did you know that this part of Mexico, along the coastal region of the Mexican Caribbean and inland areas, is called the Mesoamerican Biodiversity Corridor?  This is news to me, but fell upon articles, environmental documents and political documentation about this area, that I have to say, was rather interesting.

We have always known that this portion of Mexico is environmentally diverse.  The combination of the jungle, with the ocean with the cenotes, the incredible amount of orchids, birds and super interesting channels, hidden treasures and unexplored spaces makes it sensitive and super Chido! (sorry that was a little fun spanish slang) when wanting to do and participate in outdoor activities.

The Mesoamerican reef we know…we look at it every day and admire it above and below water.  It is the second largest barrier reef in the world.  WE also know and love the Sian Kaan Biosphere south of tulum, and have made it our second home.  The birds, the plants, the feeling of forbidden and secretive, makes it all very interesting.  I remember years ago we made a road trip many a times to a friends ranch in the Biosphere where they lived off the sea, the lagoon, picked orchids and just chilled…it was a wonderful life for them and a great visit for us.

But over 30 years ago, a group in Florida started to document and protect the areas that run with, are attached to and survive off of the areas that are attached to the Mesoamerican Reef.  This is land and sea, not just land, and this is great news.

Cenotes, the jungle caverns and caves that define the area, are now falling under this umbrella.  Property owners and cave explorers have been the eco-ambassadors for these sacred and environmentally delicate areas.  I have seen many a times a scuba diver returned to the surface for touching the formations in the caverns.  The cave certified guides have personally taken on the task of preserving the caverns so that all can see what they see each and every day.  These areas are not government regulated and seem to not need government intervention as the guides and property owners are very protective of their turf.  If you dont play right, you are outta here!!!!

It is nice to know though people on another level are documenting and researching the areas that lie withing the Mesoamerican Biodiversity Corridor.  Not only will the reef be protected and monitored, but the land flora and fauna will also be protected and monitored.  This includes cenotes and the surrounding jungle that coexists in the area.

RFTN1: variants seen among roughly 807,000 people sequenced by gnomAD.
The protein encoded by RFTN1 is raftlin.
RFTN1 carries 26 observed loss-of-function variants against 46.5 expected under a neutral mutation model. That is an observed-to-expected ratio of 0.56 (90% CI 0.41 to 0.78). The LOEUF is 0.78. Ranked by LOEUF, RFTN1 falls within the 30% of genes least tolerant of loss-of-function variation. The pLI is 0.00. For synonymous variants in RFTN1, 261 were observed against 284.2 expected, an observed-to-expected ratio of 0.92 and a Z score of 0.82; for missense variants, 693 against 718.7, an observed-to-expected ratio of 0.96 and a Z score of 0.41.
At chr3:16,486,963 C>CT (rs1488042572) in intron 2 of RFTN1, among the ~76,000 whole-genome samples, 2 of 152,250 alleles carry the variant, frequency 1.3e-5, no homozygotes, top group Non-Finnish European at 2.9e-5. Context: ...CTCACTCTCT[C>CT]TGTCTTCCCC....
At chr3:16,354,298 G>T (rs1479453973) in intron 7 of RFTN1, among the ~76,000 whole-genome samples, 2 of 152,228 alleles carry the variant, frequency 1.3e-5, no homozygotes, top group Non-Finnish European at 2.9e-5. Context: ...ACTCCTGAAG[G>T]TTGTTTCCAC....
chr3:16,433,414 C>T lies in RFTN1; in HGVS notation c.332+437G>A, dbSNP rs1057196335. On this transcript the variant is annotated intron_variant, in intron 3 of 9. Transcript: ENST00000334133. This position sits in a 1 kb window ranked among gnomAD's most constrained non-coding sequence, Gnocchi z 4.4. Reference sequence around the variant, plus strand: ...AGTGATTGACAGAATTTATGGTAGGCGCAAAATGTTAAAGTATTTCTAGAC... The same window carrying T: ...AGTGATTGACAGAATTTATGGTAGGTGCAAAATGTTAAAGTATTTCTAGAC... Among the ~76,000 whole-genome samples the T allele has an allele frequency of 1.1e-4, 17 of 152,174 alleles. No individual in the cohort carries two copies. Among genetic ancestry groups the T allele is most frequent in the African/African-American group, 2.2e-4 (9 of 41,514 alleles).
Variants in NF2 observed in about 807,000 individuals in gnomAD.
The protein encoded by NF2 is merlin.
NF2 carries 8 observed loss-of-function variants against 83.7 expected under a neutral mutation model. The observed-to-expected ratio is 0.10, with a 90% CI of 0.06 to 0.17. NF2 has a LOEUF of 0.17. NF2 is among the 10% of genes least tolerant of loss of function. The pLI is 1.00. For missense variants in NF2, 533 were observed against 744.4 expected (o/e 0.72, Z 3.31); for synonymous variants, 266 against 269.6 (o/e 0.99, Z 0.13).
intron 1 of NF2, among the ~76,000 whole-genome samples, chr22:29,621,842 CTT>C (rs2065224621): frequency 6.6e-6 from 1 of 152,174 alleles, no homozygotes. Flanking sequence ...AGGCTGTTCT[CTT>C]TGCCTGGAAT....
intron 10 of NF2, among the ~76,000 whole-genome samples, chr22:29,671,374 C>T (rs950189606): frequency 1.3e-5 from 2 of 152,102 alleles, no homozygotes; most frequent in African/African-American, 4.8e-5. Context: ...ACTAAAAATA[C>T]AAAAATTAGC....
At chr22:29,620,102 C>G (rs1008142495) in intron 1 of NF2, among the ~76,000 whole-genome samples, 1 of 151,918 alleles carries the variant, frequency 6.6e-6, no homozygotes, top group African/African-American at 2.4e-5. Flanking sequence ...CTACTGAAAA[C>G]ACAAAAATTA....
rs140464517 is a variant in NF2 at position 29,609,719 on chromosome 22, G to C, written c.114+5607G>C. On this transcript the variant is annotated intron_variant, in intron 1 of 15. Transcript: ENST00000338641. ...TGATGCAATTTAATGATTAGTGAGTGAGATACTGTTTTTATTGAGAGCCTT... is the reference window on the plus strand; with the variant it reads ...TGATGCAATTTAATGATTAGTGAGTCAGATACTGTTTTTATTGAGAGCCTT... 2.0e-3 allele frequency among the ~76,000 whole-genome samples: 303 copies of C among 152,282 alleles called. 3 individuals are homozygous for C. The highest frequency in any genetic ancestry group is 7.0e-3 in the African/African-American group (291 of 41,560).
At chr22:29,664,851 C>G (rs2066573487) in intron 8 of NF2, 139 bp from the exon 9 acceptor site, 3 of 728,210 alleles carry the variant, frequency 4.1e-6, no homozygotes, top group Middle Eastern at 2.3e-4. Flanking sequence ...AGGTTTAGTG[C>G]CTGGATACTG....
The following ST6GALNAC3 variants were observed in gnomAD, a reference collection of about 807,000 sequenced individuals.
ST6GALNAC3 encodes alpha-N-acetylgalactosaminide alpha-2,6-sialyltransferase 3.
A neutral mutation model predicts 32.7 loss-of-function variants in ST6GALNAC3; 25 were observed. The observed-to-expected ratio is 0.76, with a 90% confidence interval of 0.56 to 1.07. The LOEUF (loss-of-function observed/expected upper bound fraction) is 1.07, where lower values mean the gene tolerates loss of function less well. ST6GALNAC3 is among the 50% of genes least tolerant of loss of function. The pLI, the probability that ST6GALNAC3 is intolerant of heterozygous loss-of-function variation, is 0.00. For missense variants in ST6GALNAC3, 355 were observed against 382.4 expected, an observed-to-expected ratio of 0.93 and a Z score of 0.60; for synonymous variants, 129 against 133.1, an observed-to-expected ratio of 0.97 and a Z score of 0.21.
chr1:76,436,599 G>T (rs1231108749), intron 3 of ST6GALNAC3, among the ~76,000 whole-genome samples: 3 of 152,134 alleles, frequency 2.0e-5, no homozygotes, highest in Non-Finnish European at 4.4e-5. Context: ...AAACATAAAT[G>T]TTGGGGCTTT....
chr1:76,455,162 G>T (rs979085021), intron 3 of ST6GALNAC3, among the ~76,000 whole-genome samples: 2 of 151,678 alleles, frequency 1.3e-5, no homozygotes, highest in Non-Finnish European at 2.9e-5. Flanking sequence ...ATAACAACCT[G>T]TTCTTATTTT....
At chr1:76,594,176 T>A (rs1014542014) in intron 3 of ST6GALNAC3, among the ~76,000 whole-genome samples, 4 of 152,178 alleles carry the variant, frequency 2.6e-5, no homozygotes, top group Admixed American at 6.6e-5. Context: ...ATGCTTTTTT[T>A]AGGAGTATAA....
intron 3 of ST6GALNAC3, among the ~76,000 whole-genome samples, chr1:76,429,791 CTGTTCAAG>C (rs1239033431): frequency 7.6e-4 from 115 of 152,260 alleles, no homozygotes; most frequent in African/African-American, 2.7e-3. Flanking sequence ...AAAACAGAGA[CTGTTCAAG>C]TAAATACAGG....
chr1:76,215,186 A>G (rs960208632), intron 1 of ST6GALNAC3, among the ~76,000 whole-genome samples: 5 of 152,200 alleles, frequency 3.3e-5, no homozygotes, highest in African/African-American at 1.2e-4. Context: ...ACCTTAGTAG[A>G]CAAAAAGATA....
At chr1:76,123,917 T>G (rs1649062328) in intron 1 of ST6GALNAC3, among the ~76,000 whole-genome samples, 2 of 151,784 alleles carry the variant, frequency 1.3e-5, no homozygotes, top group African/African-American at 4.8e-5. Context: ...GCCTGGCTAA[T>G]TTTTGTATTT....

What does this mean?  Well we think a ton. First our mission to protect preserve through responsible and safe diving practices is critical.  Asking divers to be confident and good, checking buoyancy and requesting check out ocean dives seems ot have an even great importance, and will help in our explanation as to why this is critically important.

Second it makes the work of local cave explorers even more important.  I don’t know if you know, but all cave exploration done in the area, the mapping, the understanding and the documenting has come out of people’s personal pockets.  Many cave divers, are cavern guides to pay for their love which is cave exploration.  they teach and guide so that on their time off they can continue diving and exploring.  That is dedication, and committment.

And it makes for a great understanding for all visitors that the activity they are participating, that be cavern diving, is really a super special thing to do.  Cave divers, and those who pursue cave certification, know that what they are seeing is more than special.  as a newbie to caverns, sometimes we forget how spectacular and privileged we are to be able to participate in cavern diving.

In the weeks to come as we read and research the Mesoamerican Biodiversity Corridor, we will pass along the information that we gather.  this is more for curiosity and knowledge than anything else….knowledge is power, and we intend to continue our research on this subject.